It’s funny how you get used to things and take them for granted isn’t it?

I was brought up in Cornwall and spent many a happy hour as a youngster, sitting on the beach with friends and family. I left to go to Uni and haven’t lived there since but visit several times a year. Each time I pop down, I think it’s more and more beautiful. The rugged coastline, the cobbled streets, the wonky seaside houses lining up side by side all weathered by the fresh salt air. Now known more as Poldark and Doc Martin land with visitors queuing to take a snapshot of the local sights and wealthy city folk buying holiday homes that are then done up to the nines and empty for most of the year. How times change things!

Image result for photo of Charlestown


This pretty (but always windy) little village is called Charlestown (Photo credit- RSBP). During my teens I had a job waitressing in the building on the left- The Pier House Hotel. My doting dad would park up outside at midnight and sometimes wait until I appeared at 2 am. Not the most glamorous job but needs must when you’re 17 and want to buy trendy clothes (albeit flared jeans and afghan coats!).


Many years later, as I sit in my garden studio I often think of those times. So on the odd occasion, I grab a few selfish hours, and throw a few bits of fabric and embroidery stitches together, to remind me of happy times gone by. The following photos show how I work through that process. This piece was made a couple of years ago but still gives me that warm feeling of nostalgia when I look at it. I can smell the pasties and hear the seagulls in the distance.



The background fabric is a substantial cotton, roughly A4 in size. I rarely use a hoop when machine embroidering so need a sturdy piece of fabric. The clouds are cut from lace and hidden behind a sky of blue organza. I use a lot of organza in all my work. You can get great effects from layering with different colours and they give a soft focus look.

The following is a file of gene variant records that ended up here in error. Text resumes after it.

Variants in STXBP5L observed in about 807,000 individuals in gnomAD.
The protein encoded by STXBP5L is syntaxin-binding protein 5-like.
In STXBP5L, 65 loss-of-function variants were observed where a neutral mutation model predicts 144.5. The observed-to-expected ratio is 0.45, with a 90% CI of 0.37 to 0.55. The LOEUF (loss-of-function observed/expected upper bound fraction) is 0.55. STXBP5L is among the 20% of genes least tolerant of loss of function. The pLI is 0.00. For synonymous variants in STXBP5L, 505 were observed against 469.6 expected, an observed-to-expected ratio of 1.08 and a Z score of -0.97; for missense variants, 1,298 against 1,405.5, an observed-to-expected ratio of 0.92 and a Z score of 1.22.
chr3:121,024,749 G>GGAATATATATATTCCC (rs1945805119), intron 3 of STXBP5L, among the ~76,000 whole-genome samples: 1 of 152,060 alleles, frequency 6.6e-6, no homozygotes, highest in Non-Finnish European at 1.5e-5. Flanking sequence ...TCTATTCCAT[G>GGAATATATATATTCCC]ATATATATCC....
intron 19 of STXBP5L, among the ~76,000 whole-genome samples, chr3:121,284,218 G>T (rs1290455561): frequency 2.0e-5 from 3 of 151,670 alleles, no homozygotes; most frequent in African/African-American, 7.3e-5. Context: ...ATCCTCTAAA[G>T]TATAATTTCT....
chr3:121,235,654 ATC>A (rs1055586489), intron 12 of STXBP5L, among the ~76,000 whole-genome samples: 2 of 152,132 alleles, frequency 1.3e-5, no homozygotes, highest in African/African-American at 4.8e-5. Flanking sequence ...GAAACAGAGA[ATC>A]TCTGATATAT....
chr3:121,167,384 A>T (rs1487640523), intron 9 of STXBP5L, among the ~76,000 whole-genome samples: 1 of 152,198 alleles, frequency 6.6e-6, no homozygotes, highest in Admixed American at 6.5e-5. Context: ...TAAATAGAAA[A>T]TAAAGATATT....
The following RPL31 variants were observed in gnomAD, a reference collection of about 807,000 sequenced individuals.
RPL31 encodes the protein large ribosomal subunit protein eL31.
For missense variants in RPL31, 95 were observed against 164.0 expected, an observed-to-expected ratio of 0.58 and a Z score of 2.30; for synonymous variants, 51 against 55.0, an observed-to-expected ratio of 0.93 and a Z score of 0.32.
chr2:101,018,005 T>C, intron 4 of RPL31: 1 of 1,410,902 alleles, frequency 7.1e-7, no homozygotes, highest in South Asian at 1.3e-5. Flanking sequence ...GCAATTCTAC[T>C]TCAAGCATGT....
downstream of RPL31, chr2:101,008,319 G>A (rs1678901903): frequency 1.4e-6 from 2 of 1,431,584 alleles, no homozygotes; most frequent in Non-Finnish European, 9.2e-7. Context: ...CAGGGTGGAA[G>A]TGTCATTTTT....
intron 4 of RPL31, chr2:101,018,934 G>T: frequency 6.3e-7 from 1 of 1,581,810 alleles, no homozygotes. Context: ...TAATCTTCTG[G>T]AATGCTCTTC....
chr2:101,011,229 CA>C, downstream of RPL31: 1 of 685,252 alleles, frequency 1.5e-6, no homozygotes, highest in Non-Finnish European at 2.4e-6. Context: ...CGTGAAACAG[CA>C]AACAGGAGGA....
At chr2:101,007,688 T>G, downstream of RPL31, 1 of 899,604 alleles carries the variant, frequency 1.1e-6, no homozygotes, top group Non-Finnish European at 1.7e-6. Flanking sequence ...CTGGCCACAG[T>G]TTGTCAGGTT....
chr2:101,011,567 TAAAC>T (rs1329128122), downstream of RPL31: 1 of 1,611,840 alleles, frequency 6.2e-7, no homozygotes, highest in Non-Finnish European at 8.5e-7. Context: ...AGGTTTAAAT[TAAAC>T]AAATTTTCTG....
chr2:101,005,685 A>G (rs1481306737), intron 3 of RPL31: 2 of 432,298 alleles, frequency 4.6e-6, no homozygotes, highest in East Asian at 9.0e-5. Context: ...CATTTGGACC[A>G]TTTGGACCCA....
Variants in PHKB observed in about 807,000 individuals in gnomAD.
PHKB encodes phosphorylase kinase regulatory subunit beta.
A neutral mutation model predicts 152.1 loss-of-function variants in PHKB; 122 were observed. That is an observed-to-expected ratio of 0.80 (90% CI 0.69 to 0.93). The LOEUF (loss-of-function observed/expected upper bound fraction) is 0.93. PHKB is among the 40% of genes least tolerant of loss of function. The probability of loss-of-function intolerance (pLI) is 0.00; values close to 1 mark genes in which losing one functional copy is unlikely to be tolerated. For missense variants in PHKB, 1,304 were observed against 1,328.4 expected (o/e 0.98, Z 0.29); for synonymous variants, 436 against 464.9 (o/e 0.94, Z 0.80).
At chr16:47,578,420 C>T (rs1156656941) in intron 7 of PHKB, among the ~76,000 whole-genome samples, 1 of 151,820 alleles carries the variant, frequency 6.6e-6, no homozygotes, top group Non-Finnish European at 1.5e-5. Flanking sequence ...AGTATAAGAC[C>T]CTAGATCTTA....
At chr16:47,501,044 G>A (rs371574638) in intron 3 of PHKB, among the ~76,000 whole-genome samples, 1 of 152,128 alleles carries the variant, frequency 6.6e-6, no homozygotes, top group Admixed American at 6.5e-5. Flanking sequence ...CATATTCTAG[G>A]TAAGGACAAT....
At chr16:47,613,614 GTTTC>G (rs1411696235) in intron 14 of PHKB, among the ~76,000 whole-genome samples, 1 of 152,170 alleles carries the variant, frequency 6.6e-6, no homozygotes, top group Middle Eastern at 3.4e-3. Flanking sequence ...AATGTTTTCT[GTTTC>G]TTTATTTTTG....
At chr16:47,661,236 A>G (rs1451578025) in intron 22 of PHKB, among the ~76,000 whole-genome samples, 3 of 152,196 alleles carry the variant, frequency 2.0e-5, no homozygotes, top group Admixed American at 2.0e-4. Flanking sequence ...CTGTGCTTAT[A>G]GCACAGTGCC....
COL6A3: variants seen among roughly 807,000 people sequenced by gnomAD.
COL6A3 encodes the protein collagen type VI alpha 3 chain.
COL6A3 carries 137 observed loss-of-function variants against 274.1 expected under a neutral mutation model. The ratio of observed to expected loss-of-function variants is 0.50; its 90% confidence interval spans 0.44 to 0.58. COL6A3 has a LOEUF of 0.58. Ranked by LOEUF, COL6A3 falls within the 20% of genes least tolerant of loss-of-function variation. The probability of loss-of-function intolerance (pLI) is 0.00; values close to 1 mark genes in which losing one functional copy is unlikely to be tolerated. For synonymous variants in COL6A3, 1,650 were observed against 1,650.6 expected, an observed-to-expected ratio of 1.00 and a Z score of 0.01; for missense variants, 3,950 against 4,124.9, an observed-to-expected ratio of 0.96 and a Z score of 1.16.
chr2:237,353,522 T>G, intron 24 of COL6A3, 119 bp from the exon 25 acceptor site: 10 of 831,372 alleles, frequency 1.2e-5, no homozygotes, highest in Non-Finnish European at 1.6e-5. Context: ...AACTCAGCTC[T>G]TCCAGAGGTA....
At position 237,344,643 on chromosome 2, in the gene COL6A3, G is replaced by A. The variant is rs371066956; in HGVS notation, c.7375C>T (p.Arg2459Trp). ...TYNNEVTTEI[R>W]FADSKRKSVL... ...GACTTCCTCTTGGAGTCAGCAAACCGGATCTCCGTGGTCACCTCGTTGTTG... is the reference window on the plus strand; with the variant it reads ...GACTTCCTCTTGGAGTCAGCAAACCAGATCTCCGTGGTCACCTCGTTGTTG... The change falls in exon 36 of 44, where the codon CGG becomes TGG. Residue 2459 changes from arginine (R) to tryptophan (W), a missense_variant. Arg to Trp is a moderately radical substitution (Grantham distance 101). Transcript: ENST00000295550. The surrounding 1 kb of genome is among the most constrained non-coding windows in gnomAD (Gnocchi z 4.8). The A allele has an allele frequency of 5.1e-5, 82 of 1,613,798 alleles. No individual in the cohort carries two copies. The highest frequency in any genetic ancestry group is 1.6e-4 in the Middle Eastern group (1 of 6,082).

In the next stage, I have added the houses- all made of paper. I stitch paper in exactly the same way as I would stitch fabric except that the stitches are slightly bigger so that prevents the paper from searing along the stitched line. The lines here are not particularly straight, but neither are the houses in real life, so I don’t mind. The windows are also paper and have been roughly attached with a glue stick before stitching- not too much or the needle will get clogged up.



The roofs and pier were added first, then the sea. I have used random strips of anything blue- cottons underneath and organza on top- there would be no point in putting the cottons on top of the organza, but the cottons should show through. I have cut irregular lengths of fabric and stitched them in place quickly as I worked- twisting and pulling the pieces as I went. All I have used is a straight stitch, but have pulled the fabric in different directions and made a few stitched swirls here and there. Then finally, added some hand stitched bits of bling- this is an Asian sari fabric cut up. It doesn’t need a lot to catch and shimmer in the light.



Finally, with a few hand stitched pieces of lavender on the left and a cheerful nosy seagull looking at the lighthouse in the distance, I feel my time here is done. You can overdo pieces and sometimes simple is good. You’ll have noticed that I changed my mind on the position of the seagull- perhaps I should have stuck with the original plan- he would have shown up more.


I hope you like my Cornish tribute. I’ve stitched with an artistic licence, it isn’t meant to be realistic. Just a bit of fun and hopefully will make others smile when they look at it. Happy times by the sea.